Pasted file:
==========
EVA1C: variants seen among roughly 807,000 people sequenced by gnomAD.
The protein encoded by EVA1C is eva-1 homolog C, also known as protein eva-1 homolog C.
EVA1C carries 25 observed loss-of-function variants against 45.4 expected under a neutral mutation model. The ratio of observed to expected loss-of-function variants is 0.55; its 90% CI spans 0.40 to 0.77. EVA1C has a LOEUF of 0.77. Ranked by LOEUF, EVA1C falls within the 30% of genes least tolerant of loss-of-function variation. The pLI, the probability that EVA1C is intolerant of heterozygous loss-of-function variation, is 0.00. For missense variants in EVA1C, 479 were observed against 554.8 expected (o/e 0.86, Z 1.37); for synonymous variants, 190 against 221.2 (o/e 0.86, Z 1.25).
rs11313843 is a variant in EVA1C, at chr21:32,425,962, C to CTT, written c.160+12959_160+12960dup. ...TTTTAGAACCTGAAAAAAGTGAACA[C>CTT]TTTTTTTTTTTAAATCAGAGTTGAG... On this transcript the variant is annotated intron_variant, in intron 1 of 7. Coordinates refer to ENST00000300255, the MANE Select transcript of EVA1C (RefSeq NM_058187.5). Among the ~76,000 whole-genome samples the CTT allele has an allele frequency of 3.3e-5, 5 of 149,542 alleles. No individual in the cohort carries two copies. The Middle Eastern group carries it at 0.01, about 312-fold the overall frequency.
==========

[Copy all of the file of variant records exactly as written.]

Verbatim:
EVA1C: variants seen among roughly 807,000 people sequenced by gnomAD.
The protein encoded by EVA1C is eva-1 homolog C, also known as protein eva-1 homolog C.
EVA1C carries 25 observed loss-of-function variants against 45.4 expected under a neutral mutation model. The ratio of observed to expected loss-of-function variants is 0.55; its 90% CI spans 0.40 to 0.77. EVA1C has a LOEUF of 0.77. Ranked by LOEUF, EVA1C falls within the 30% of genes least tolerant of loss-of-function variation. The pLI, the probability that EVA1C is intolerant of heterozygous loss-of-function variation, is 0.00. For missense variants in EVA1C, 479 were observed against 554.8 expected (o/e 0.86, Z 1.37); for synonymous variants, 190 against 221.2 (o/e 0.86, Z 1.25).
rs11313843 is a variant in EVA1C, at chr21:32,425,962, C to CTT, written c.160+12959_160+12960dup. ...TTTTAGAACCTGAAAAAAGTGAACA[C>CTT]TTTTTTTTTTTAAATCAGAGTTGAG... On this transcript the variant is annotated intron_variant, in intron 1 of 7. Coordinates refer to ENST00000300255, the MANE Select transcript of EVA1C (RefSeq NM_058187.5). Among the ~76,000 whole-genome samples the CTT allele has an allele frequency of 3.3e-5, 5 of 149,542 alleles. No individual in the cohort carries two copies. The Middle Eastern group carries it at 0.01, about 312-fold the overall frequency.